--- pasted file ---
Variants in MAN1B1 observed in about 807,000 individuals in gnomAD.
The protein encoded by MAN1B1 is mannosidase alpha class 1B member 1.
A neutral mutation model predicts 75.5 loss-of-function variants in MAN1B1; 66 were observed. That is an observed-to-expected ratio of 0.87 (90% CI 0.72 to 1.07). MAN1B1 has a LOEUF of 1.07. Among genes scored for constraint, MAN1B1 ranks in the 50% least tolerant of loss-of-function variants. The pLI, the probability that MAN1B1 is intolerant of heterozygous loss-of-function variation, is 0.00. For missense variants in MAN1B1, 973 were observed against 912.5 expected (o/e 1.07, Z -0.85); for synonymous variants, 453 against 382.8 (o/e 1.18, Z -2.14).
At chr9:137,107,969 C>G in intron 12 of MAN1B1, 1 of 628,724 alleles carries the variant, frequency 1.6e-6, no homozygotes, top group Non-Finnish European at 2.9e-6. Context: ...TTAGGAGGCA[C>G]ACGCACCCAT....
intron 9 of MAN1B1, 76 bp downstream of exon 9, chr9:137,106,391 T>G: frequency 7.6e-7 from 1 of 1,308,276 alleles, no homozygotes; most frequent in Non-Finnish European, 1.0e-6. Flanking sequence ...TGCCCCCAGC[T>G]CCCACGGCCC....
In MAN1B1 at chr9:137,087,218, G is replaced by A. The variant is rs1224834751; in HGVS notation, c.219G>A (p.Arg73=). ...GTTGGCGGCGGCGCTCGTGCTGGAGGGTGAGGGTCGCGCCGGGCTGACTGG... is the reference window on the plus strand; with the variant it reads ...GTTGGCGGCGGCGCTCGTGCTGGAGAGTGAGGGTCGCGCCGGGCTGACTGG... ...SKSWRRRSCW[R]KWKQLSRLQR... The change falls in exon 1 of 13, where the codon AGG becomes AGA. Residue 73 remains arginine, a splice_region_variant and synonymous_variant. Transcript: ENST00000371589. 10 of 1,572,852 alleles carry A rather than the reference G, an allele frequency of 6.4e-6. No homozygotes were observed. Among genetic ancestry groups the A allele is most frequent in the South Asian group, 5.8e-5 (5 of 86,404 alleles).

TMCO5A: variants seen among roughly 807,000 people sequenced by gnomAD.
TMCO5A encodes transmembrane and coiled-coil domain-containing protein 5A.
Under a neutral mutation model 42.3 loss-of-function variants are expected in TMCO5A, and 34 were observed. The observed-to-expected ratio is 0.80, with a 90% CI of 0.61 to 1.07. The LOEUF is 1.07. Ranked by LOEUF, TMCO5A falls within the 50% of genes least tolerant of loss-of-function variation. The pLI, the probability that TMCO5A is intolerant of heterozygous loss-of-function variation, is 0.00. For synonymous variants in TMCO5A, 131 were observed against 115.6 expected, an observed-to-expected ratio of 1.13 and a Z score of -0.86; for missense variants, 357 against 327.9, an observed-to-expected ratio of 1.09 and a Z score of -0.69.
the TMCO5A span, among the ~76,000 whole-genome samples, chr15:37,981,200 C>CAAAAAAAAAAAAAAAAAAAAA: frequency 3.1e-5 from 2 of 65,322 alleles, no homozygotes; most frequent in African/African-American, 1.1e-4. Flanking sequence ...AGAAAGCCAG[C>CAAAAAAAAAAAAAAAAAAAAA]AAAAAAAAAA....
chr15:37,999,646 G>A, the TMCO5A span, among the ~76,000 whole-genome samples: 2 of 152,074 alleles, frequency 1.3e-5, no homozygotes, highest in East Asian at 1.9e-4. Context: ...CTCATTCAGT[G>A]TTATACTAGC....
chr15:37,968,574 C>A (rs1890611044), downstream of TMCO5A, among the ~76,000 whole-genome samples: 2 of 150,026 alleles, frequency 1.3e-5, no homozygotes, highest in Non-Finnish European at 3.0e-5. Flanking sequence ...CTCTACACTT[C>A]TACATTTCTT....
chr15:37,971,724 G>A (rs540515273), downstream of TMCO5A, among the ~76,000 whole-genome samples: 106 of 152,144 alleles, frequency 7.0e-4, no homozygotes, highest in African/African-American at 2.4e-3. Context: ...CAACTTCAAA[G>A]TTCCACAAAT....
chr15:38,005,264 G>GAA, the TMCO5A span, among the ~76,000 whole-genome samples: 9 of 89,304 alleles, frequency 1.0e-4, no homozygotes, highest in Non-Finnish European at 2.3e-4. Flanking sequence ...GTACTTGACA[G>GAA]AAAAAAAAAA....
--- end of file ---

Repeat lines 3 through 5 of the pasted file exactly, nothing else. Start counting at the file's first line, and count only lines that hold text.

A neutral mutation model predicts 75.5 loss-of-function variants in MAN1B1; 66 were observed. That is an observed-to-expected ratio of 0.87 (90% CI 0.72 to 1.07). MAN1B1 has a LOEUF of 1.07. Among genes scored for constraint, MAN1B1 ranks in the 50% least tolerant of loss-of-function variants. The pLI, the probability that MAN1B1 is intolerant of heterozygous loss-of-function variation, is 0.00. For missense variants in MAN1B1, 973 were observed against 912.5 expected (o/e 1.07, Z -0.85); for synonymous variants, 453 against 382.8 (o/e 1.18, Z -2.14).
At chr9:137,107,969 C>G in intron 12 of MAN1B1, 1 of 628,724 alleles carries the variant, frequency 1.6e-6, no homozygotes, top group Non-Finnish European at 2.9e-6. Context: ...TTAGGAGGCA[C>G]ACGCACCCAT....
intron 9 of MAN1B1, 76 bp downstream of exon 9, chr9:137,106,391 T>G: frequency 7.6e-7 from 1 of 1,308,276 alleles, no homozygotes; most frequent in Non-Finnish European, 1.0e-6. Flanking sequence ...TGCCCCCAGC[T>G]CCCACGGCCC....